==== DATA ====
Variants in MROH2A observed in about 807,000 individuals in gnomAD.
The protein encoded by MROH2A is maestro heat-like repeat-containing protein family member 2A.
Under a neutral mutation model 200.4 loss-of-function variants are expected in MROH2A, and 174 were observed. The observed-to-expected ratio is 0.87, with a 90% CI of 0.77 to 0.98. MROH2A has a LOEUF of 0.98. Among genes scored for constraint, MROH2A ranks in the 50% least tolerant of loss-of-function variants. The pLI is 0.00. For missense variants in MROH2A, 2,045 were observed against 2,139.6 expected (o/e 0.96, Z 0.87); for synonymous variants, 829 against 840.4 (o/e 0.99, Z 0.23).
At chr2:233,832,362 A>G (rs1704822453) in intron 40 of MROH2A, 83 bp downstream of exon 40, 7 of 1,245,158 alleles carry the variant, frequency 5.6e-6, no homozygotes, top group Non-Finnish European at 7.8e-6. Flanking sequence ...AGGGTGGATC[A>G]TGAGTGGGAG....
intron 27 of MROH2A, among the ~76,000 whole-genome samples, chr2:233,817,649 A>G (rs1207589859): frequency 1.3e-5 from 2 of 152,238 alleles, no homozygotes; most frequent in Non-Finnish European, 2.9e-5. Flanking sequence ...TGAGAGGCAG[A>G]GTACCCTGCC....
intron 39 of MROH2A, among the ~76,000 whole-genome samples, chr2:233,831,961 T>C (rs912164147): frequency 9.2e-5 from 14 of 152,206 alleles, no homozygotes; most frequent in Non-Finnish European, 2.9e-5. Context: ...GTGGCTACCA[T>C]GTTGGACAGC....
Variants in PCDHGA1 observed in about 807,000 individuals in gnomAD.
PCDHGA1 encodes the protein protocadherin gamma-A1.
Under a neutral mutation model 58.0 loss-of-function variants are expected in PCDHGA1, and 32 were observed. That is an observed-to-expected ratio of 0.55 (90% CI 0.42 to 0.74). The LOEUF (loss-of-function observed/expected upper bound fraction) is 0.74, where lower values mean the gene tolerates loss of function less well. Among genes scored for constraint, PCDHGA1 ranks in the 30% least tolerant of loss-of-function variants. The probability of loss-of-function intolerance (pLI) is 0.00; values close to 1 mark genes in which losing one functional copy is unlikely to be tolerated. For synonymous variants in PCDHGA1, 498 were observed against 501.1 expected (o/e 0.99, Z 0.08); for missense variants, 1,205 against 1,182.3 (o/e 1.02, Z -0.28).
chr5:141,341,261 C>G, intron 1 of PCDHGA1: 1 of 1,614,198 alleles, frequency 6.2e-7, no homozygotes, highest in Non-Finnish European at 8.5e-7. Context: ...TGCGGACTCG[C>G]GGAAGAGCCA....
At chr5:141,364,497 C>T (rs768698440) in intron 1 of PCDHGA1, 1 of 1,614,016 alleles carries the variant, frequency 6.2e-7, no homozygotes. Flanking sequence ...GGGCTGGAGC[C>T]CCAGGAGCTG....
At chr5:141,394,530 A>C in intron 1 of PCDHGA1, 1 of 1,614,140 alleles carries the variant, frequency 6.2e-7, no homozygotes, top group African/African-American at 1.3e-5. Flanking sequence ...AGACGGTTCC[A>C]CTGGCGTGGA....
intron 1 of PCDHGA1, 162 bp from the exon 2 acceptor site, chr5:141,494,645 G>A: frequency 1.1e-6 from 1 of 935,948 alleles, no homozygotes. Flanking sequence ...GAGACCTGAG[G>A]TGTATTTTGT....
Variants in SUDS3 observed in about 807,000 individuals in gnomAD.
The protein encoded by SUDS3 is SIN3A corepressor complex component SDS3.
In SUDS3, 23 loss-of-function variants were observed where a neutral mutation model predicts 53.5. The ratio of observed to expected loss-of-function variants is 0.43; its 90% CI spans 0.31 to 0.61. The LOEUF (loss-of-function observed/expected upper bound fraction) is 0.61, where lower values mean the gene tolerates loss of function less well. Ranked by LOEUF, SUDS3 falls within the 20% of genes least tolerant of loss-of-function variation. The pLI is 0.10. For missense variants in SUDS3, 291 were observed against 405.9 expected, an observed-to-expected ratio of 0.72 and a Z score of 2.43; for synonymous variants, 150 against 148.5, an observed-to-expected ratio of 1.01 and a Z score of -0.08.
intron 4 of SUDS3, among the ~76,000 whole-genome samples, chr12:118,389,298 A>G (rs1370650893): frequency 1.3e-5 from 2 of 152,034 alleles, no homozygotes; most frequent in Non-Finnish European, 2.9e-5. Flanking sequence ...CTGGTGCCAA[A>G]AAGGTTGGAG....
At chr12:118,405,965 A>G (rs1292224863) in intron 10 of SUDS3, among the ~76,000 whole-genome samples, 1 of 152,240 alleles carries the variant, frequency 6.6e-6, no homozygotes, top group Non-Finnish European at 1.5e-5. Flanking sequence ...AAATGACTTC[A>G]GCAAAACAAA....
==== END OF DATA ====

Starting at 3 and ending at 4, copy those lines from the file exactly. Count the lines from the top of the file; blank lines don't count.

Under a neutral mutation model 200.4 loss-of-function variants are expected in MROH2A, and 174 were observed. The observed-to-expected ratio is 0.87, with a 90% CI of 0.77 to 0.98. MROH2A has a LOEUF of 0.98. Among genes scored for constraint, MROH2A ranks in the 50% least tolerant of loss-of-function variants. The pLI is 0.00. For missense variants in MROH2A, 2,045 were observed against 2,139.6 expected (o/e 0.96, Z 0.87); for synonymous variants, 829 against 840.4 (o/e 0.99, Z 0.23).
At chr2:233,832,362 A>G (rs1704822453) in intron 40 of MROH2A, 83 bp downstream of exon 40, 7 of 1,245,158 alleles carry the variant, frequency 5.6e-6, no homozygotes, top group Non-Finnish European at 7.8e-6. Flanking sequence ...AGGGTGGATC[A>G]TGAGTGGGAG....